Python’s urllib.request for HTTP Requests


If you need to make HTTP requests with Python, then you may find yourself directed to the brilliant requests library. Though it’s a great library, you may have noticed that it’s not a built-in part of Python. If you prefer, for whatever reason, to limit your dependencies and stick to standard-library Python, then you can reach for urllib.request!

In this tutorial, you’ll:

Learn how to make basic HTTP requests with urllib.request
Dive into the nuts and bolts of an HTTP message and how urllib.request represents it
Understand how to deal with character encodings of HTTP messages
Explore some common errors when using urllib.request and learn how to resolve them
Dip your toes into the world of authenticated requests with urllib.request
Understand why both urllib and the requests library exist and when to use one or the other

If you’ve heard of HTTP requests, including GET and POST, then you’re probably ready for this tutorial. Also, you should’ve already used Python to read and write to files, ideally with a context manager, at least once.

Ultimately, you’ll find that making a request doesn’t have to be a frustrating experience, although it does tend to have that reputation. Many of the issues that you tend to run into are due to the inherent complexity of this marvelous thing called the Internet. The good news is that the urllib.request module can help to demystify much of this complexity.

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Basic HTTP GET Requests With urllib.request

Before diving into the deep end of what an HTTP request is and how it works, you’re going to get your feet wet by making a basic GET request to a sample URL. You’ll also make a GET request to a mock REST API for some JSON data. In case you’re wondering about POST Requests, you’ll be covering them later in the tutorial, once you have some more knowledge of urllib.request.

Beware: Depending on your exact setup, you may find that some of these examples don’t work. If so, skip ahead to the section on common urllib.request errors for troubleshooting.

If you’re running into a problem that’s not covered there, be sure to comment below with a precise and reproducible example.

To get started, you’ll make a request to, and the server will return an HTTP message. Ensure that you’re using Python 3 or above, and then use the urlopen() function from urllib.request:

>>>>>> from urllib.request import urlopen
>>> with urlopen(“”) as response:
body =

>>> body[:15]
b'<!doctype html>’

In this example, you import urlopen() from urllib.request. Using the context manager with, you make a request and receive a response with urlopen(). Then you read the body of the response and close the response object. With that, you display the first fifteen positions of the body, noting that it looks like an HTML document.

There you are! You’ve successfully made a request, and you received a response. By inspecting the content, you can tell that it’s likely an HTML document. Note that the printed output of the body is preceded by b. This indicates a bytes literal, which you may need to decode. Later in the tutorial, you’ll learn how to turn bytes into a string, write them to a file, or parse them into a dictionary.

The process is only slightly different if you want to make calls to REST APIs to get JSON data. In the following example, you’ll make a request to {JSON}Placeholder for some fake to-do data:

>>>>>> from urllib.request import urlopen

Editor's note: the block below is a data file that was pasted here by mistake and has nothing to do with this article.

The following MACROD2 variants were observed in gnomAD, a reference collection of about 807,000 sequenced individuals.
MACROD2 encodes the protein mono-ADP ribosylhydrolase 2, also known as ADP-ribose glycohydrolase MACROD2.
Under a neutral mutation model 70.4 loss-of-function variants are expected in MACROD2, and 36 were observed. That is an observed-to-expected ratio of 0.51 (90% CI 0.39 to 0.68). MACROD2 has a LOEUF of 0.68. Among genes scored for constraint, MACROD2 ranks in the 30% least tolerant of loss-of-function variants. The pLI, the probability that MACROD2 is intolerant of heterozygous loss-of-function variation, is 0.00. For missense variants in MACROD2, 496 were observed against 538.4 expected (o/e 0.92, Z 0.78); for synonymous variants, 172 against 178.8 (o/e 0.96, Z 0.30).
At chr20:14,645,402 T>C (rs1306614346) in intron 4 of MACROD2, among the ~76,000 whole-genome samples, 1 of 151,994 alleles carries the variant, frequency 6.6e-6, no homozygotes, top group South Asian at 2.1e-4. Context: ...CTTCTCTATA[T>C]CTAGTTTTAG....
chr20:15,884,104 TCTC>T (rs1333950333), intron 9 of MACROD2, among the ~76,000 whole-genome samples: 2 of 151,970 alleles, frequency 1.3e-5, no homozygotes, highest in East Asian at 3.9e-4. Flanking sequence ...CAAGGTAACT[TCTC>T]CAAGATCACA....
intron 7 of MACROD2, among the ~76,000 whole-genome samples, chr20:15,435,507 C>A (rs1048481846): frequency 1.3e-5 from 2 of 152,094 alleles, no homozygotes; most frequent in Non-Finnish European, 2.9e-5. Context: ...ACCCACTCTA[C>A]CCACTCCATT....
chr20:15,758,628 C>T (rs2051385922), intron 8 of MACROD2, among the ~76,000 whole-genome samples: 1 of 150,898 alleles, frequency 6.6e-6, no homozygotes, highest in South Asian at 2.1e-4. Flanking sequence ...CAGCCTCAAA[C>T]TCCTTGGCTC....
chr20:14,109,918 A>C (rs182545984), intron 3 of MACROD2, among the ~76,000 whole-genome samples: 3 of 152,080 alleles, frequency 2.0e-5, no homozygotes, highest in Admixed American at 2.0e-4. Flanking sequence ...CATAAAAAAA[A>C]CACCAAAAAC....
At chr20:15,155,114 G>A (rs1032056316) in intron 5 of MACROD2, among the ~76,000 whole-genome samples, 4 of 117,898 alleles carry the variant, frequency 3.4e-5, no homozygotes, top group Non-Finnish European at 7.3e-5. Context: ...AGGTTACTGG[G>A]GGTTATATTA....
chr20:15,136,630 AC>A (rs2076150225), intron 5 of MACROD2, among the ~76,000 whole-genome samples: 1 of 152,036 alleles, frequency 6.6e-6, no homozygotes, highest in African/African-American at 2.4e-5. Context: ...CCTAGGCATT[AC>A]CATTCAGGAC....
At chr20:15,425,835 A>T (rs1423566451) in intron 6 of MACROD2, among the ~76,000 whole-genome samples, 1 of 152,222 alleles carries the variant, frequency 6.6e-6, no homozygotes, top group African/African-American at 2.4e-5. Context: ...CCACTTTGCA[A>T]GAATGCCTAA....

>>> import json
>>> url = “”
>>> with urlopen(url) as response:
body =

>>> todo_item = json.loads(body)
>>> todo_item
{‘userId’: 1, ‘id’: 1, ‘title’: ‘delectus aut autem’, ‘completed’: False}

In this example, you’re doing pretty much the same as in the previous example. But in this one, you import urllib.request and json, using the json.loads() function with body to decode and parse the returned JSON bytes into a Python dictionary. Voila!

If you’re lucky enough to be using error-free endpoints, such as the ones in these examples, then maybe the above is all that you need from urllib.request. Then again, you may find that it’s not enough.

Now, before doing some urllib.request troubleshooting, you’ll first gain an understanding of the underlying structure of HTTP messages and learn how urllib.request handles them. This understanding will provide a solid foundation for troubleshooting many different kinds of issues.

The Nuts and Bolts of HTTP Messages

To understand some of the issues that you may encounter when using urllib.request, you’ll need to examine how a response is represented by urllib.request. To do that, you’ll benefit from a high-level overview of what an HTTP message is, which is what you’ll get in this section.

Before the high-level overview, a quick note on reference sources. If you want to get into the technical weeds, the Internet Engineering Task Force (IETF) has an extensive set of Request for Comments (RFC) documents. These documents end up becoming the actual specifications for things like HTTP messages. RFC 7230, part 1: Message Syntax and Routing, for example, is all about the HTTP message.

If you’re looking for some reference material that’s a bit easier to digest than RFCs, then the Mozilla Developer Network (MDN) has a great range of reference articles. For example, their article on HTTP messages, while still technical, is a lot more digestible.

Now that you know about these essential sources of reference information, in the next section you’ll get a beginner-friendly overview of HTTP messages.

Understanding What an HTTP Message Is

In a nutshell, an HTTP message can be understood as text, transmitted as a stream of bytes, structured to follow the guidelines specified by RFC 7230. A decoded HTTP message can be as simple as two lines:

Read the full article at »

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